Switch

Making a total switch is a final alternative. But it’s also the riskiest. If you do choose this path, we recommend working with a partner who has experience in this area. A complete switch might work if your company has not yet adopted a PLM solution. You also have to consider what effect the change will have on your total IT infrastructure. For instance, will your cloud PLM integrate with your ERP, MRP, or CRM solutions?

You’re Not Alone

Research firms like CIMdata can provide you with guidance and advice. You can also speak with the PLM experts here at Adaptive. We’ll be glad to help you plan your next move.

Download the CIMdata Report

09 Aug 2018
3DEXPERIENCE Collaboration Webinar

On Demand Webinar: Collaborate, Innovate and Design with 3DEXPERIENCE

3DEXPERIENCE Collaboration Webinar

This on-demand webinar demonstrates how current SOLIDWORKS and CATIA V5 users can try out the 3DEXPERIENCE platform with a free Business Innovation License.

See how you can use the Dassault Systèmes 3DEXPERIENCE platform to improve the product development process by using the many apps in the 3DEXPERIENCE platform.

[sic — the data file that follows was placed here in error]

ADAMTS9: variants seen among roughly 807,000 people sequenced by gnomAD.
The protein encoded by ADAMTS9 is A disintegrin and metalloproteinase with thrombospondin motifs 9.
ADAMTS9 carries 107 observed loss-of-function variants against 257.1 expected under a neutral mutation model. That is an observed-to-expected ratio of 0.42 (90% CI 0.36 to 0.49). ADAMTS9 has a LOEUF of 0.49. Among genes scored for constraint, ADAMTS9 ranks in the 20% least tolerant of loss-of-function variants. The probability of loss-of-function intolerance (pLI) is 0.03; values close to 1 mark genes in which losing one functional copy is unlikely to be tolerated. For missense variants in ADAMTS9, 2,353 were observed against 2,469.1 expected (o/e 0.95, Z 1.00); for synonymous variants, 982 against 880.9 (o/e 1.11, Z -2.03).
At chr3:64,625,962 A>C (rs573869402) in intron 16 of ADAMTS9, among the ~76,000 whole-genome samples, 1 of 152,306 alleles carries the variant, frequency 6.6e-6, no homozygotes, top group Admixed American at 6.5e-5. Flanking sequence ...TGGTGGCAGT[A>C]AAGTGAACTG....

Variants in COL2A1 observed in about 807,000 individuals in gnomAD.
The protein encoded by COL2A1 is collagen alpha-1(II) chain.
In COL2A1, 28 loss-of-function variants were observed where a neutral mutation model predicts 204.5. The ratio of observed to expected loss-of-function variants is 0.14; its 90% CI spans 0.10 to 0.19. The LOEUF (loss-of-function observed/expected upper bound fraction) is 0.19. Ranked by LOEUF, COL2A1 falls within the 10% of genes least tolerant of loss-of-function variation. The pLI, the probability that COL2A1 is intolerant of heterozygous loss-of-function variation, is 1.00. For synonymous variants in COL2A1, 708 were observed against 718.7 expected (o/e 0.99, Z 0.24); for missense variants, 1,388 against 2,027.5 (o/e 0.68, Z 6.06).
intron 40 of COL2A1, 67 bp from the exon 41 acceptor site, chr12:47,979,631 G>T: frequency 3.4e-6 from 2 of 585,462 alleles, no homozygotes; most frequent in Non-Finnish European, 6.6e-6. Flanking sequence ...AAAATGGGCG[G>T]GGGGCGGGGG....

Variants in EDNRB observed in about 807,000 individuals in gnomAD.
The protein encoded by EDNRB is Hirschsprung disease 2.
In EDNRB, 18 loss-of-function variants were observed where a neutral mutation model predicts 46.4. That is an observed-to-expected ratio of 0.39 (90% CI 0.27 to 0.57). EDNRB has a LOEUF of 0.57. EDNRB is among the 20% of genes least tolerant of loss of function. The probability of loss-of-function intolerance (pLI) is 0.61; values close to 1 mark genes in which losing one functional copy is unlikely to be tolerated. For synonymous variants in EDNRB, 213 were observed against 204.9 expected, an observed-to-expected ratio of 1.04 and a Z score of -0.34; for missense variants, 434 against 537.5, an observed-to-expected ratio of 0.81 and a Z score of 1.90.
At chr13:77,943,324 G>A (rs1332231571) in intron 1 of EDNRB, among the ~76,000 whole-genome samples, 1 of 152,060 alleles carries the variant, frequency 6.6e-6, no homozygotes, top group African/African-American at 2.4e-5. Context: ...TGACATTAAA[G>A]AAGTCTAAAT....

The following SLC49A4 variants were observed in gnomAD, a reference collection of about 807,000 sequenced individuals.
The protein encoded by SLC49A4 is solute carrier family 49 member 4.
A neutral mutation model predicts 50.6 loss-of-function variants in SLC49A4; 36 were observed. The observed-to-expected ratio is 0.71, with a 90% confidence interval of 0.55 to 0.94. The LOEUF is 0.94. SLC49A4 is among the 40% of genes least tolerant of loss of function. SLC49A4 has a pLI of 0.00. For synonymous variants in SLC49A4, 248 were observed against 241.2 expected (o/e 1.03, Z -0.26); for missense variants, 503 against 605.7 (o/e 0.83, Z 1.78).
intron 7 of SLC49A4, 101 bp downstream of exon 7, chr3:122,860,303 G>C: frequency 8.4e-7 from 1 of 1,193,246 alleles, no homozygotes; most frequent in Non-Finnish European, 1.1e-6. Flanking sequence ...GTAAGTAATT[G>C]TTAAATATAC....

Learn how to:

  • Collaborate in social communities
  • Create custom dashboards
  • Store and share data in a central location
  • Track social media feeds
  • Allow non-CAD users to view CAD data
  • Order 3D printed parts from 3DEXPERIENCE Marketplace

View On-Demand Webinar

31 Jul 2018

Getting Started with Systems Engineering

With the ever-increasing adoption of “smart,” mechatronic products requiring a combination of a mechanical, electronics, and computer engineering, the discipline of systems engineering has never been more important.  Given the complexity of modern products, systems engineering’s methodical approach for product definition and realization is being done by most companies whether they realize it or not.

The systems engineering process flow is often represented as a “V” diagram and as with any process there are many variations of it (to get a quick sample do a Web image search of “systems engineering”).  Rather than presenting yet another “V” diagram to gain an understanding of how to better manage a systems engineering process, it is simpler to just focus on the two main aspects of systems engineering and its main sub-processes:

Product Definition

  • Requirements development
  • Functional breakdown and logical analysis
  • Product design

Product Realization

  • Sub-system integration